Cyber-gang extorted millions by posing as cops, copyright holders
European police have busted a cybercriminal ring that extorted millions of euros with a computer virus that locked machines up and demanded a ransom. They also posed as police, accusing victims of viewing child pornography and infringing copyrights.
Eleven suspects were detained in an operation by Europol and Spanish police, police reported on Wednesday. A 27-year-old Russian who allegedly created and distributed the virus was detained in the United Arab Emirates in December, while on vacation. Ten others were detained in Spain last week, including Russians, Ukrainians and Georgians, Spanish police said."This is the first major success of its kind against a very new phenomenon that we have only identified in the last two years," Europol Director Rob Wainwright said at a news conference at the Spanish Interior Ministry in Madrid.
The cyber-gang used so-called ‘ransomware,’ a type of malware that locks down an infected computer until a ransom is paid. This particular operation targeted users with false accusations from national and international police forces, and occasionally organizations defending copyright holders. A message would demand payment of a fine of 100 euro ($134) over alleged wrongdoings, including searching for child pornography, visiting terrorist websites and illegal file-sharing."It used the idiom and logo of each specific police service," Wainwright said. "Even Europol and my own name have been used to defraud citizens."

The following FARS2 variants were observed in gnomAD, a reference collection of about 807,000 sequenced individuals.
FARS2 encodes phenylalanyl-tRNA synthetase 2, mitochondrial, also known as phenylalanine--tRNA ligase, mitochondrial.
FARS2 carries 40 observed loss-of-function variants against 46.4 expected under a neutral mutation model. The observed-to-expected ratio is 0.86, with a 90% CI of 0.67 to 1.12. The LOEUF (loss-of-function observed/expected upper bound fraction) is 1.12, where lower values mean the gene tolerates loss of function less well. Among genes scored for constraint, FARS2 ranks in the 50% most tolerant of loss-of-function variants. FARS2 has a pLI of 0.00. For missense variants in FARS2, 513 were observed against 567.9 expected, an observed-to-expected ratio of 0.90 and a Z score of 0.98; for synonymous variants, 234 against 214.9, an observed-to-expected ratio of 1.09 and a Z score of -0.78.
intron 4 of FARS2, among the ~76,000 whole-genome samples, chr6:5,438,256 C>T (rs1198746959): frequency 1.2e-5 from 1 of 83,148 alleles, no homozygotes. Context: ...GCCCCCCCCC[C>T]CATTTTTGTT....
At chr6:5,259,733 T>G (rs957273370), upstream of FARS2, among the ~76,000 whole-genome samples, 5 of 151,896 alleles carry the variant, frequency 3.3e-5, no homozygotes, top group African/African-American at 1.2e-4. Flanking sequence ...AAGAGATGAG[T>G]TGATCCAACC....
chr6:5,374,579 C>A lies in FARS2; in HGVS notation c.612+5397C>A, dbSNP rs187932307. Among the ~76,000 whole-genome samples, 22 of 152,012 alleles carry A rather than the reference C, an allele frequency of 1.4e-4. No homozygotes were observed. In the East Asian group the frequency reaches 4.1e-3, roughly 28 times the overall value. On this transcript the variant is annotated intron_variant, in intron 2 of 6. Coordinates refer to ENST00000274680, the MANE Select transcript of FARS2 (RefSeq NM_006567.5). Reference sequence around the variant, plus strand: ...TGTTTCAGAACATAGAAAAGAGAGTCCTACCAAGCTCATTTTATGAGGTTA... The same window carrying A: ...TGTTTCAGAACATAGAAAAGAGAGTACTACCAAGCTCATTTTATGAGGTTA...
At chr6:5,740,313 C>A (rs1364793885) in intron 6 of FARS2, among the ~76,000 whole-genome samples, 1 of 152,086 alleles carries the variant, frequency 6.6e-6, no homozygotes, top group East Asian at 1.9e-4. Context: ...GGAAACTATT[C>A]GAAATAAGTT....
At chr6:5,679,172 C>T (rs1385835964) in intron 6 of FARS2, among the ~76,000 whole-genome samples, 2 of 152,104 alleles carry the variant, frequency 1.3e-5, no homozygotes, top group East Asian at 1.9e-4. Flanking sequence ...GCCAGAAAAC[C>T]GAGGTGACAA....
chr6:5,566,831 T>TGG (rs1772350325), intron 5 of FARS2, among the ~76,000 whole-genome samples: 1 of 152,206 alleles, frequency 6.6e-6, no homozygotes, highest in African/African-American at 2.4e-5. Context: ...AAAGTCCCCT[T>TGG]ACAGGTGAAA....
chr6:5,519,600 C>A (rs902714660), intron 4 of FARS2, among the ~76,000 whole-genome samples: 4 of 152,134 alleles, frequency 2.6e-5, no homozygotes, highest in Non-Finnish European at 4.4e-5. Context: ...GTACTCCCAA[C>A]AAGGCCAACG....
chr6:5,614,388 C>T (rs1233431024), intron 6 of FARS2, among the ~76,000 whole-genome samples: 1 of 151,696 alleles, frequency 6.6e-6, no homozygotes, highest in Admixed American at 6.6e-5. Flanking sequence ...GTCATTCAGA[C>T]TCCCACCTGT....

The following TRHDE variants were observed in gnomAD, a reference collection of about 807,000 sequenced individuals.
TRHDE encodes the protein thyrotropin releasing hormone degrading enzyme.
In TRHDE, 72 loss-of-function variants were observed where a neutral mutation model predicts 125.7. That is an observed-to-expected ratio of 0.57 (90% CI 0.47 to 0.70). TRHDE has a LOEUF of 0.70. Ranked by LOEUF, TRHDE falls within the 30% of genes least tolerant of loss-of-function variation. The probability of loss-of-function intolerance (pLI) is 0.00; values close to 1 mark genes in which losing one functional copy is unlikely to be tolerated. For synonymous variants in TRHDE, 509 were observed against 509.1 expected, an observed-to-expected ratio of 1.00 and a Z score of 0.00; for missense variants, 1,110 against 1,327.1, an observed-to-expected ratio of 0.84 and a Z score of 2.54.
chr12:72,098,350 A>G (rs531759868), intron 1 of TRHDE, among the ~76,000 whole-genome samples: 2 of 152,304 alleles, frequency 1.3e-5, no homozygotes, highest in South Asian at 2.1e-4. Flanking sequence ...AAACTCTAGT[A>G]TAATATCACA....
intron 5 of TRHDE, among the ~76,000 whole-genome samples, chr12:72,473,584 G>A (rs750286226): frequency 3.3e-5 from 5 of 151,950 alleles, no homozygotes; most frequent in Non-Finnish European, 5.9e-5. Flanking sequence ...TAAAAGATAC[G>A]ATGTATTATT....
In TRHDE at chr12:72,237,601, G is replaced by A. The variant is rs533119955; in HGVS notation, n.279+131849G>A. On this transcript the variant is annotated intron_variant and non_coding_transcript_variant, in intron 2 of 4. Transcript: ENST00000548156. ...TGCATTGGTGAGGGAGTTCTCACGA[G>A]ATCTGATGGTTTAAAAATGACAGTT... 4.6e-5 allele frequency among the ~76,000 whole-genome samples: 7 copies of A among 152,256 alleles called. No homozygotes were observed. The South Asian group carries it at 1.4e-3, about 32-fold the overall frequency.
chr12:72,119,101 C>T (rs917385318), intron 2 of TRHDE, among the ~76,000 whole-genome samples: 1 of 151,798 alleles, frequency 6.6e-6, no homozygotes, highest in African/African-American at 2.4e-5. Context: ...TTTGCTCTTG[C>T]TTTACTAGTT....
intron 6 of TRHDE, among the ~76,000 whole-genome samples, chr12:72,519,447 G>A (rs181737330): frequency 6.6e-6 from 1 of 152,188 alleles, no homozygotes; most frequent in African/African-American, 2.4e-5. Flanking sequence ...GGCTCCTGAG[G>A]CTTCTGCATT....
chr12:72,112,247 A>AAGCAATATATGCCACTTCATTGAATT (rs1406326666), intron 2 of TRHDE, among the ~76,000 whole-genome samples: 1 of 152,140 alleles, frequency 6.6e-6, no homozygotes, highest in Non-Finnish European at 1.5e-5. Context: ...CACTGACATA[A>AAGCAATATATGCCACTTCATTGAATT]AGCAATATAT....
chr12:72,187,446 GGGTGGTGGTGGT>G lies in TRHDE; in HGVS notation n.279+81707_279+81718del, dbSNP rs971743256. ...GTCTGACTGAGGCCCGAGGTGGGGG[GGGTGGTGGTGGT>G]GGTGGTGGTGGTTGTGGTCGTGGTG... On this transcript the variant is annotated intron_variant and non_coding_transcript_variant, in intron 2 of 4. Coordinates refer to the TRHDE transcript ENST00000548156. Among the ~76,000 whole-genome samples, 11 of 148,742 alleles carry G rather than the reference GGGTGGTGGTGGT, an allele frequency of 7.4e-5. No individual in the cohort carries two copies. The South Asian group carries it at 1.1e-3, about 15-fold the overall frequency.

Cybersecurity expert have found at least 48 variations of the malware, the oldest dating back to 2005, which used different logos and accusations. They also believe the gang had specifically targeted users who may have been involved in illegal online activities, making their ransom claims more plausible.
Police believe that about 3 percent of those targeted actually paid the ransom – enough to make the criminal operation quite lucrative, netting them millions annually. In Spain alone, they are believed to have collected more than 1 million euros ($1.3 million), according to Spanish police.
The gang operated in six countries when police first detected their activities two years ago. As the investigation proceeded, they expanded to as many as 30 nations, mostly in Europe.
Spanish police seized hardware and more than 200 credit cards in the raid. They said the suspects also had 26,000 euros ($35,000) in cash with them.
Of the 10 suspects detained, six have been charged with laundering, fraud and involvement in a criminal organization; the four others remain under investigation. The police offered no detail on the prosecution of the alleged author of the malware, who is also believed to be the gang’s leader.